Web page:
Breast Implants (was re: Pharmaceuticals)

Alan J. Robinson robin073 at
Mon Oct 2 12:19:00 EST 1995

On 30 Sep 1995 07:20:20 GMT, 
Stevejoe  <stevejoe at > wrote:

>Well, it seems our good friends at are irritated by our discouse... 
>I guess they haven't got the guts to post so all can see - so they would 
>rather email me for harassment.
>Let's get something staight here - we are talking about toxicity in regards 
>to neurotoxins as well as possible side effects such as cancer.  I got into 
>this discussion because I am interested in neurological problems and I am 
>not the one who initiated this breast implant topic.  

Many of the medical questions which come up on the Internet, even 
those posed by lay people, involve subjects which are poorly 
understood scientifically and the subject of intense controversy 
within the medical and scientific establishments themselves.  (This 
is why the questions arise in the first place.)

To expect such questions to be quickly resolved or even scoped out by 
a couple of "off the cuff" answers by the particular professionals who 
just happen to be reading the news group that day is expecting more 
than the system can possibly deliver.  And when it involves possible 
legal liability the probability of getting a straight answer declines 
even further.

Toxicology falls into this category - much of the traditional 
material in this field seems valid, but there are many outstanding 
questions regarding the mechanisms by which the human body responds to 
toxins.  DNA repair, while necessary to LARGELY eliminate random 
errors in copying which arise even in the absence of toxins, is just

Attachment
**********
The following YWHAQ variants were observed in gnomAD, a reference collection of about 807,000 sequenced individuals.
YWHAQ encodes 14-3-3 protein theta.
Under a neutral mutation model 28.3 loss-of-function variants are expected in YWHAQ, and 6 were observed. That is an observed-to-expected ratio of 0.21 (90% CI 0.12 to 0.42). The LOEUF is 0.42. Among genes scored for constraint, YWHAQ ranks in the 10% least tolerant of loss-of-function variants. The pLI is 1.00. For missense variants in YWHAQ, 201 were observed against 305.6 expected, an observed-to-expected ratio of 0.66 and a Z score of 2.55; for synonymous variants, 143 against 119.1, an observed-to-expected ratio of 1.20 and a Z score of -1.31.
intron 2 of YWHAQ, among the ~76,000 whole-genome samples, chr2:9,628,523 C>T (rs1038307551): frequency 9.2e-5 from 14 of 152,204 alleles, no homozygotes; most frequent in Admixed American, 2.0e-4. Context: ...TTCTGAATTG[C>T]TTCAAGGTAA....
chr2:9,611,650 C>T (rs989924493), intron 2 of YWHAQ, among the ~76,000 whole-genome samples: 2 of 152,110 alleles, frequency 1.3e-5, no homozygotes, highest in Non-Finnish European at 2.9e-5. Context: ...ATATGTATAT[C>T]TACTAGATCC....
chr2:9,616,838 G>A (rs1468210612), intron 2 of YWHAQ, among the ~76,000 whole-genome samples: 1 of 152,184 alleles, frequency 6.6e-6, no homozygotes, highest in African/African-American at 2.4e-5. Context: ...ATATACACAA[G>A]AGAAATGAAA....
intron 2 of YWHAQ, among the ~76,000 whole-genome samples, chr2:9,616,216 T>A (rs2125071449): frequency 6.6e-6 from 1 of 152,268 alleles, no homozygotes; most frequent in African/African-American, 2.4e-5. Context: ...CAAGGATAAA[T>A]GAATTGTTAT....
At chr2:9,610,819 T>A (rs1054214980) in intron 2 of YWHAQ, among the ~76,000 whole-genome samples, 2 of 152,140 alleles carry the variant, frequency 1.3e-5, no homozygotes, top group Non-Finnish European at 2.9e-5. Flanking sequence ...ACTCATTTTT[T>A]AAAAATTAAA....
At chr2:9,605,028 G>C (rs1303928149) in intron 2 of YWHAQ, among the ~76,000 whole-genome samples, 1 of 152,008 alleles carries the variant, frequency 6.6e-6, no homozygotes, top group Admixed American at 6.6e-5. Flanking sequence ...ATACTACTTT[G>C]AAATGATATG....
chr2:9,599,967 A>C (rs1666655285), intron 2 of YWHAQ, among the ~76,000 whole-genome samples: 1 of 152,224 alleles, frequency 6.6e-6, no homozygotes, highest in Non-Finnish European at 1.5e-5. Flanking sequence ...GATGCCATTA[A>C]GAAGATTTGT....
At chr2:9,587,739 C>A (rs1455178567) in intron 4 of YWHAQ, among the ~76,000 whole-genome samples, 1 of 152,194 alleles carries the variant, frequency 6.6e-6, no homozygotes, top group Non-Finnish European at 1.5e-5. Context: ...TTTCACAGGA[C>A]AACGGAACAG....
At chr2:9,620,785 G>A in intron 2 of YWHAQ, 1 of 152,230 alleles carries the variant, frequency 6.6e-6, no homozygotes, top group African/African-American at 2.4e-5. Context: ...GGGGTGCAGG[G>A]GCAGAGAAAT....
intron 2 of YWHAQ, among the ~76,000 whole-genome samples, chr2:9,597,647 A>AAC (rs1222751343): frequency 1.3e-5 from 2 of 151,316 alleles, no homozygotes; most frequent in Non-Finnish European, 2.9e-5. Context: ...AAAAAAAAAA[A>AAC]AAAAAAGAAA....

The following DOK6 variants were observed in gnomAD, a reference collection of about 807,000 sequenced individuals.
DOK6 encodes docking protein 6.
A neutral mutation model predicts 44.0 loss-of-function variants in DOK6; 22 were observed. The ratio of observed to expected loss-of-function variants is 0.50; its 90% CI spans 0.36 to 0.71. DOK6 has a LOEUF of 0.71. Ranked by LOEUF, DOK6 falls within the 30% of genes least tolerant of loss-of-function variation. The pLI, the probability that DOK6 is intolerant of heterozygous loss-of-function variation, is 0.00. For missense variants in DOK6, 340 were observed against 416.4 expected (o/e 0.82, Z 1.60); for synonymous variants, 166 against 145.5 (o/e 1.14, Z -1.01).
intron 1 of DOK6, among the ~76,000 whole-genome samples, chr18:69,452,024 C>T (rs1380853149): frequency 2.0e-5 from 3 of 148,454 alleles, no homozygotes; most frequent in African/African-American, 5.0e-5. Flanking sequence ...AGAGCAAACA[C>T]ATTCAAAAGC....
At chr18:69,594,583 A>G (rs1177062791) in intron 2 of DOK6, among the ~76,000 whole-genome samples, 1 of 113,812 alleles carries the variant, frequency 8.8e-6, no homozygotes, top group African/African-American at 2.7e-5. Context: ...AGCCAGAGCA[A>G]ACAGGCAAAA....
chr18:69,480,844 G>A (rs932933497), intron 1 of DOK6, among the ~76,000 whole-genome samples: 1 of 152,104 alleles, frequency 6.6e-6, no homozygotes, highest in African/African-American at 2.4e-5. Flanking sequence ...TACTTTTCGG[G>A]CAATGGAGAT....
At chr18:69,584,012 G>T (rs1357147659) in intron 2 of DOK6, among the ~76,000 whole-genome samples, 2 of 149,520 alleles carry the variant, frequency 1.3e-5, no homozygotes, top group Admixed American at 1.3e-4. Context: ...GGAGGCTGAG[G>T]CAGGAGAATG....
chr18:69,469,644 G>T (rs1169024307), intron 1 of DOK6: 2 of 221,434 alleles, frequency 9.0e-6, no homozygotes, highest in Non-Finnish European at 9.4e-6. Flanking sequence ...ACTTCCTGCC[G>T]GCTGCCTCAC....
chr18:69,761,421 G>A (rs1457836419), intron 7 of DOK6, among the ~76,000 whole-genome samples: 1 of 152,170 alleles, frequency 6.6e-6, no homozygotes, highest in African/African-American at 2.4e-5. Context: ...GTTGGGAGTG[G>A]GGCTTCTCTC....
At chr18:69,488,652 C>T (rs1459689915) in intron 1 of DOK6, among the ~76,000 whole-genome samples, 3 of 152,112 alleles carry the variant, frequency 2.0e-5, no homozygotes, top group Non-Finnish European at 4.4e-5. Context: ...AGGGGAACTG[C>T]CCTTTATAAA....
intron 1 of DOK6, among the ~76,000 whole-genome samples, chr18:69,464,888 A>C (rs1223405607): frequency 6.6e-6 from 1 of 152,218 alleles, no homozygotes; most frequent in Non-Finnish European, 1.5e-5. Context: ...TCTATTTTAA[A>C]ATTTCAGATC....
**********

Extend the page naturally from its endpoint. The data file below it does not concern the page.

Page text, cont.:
one mechanism.  Some of the other mechanisms are at the systemic 
level, not just the intracellular level, and these are VERY poorly 

One enigma, where it is not even known conclusively that toxins 
are involved, is Parkinson's disease.  There is a known toxin 
which can cause neural death in the substantia nigra similar to PD, 
but the pathogenesis of PD itself is still unknown.  The most recent 
twins data shows zero concordance in identical twins, which increases 
the circumstantial evidence for environmental factors.

Unfortunately, a conventional education in medicine concentrates 
on what is already known, or believed to be known, to the point 
where it is easy to fall into the trap of believing that almost 
everything is well understood, and that only a few minor details need 
to be cleared up.  This situation is aggravated by the mindset of the 
medical profession, which is that physicians should always be 
prepared to deliver an unequivocal answer to any question.  A reply 
such as "Sure beats the hell out of me!" is a definite no-no! 


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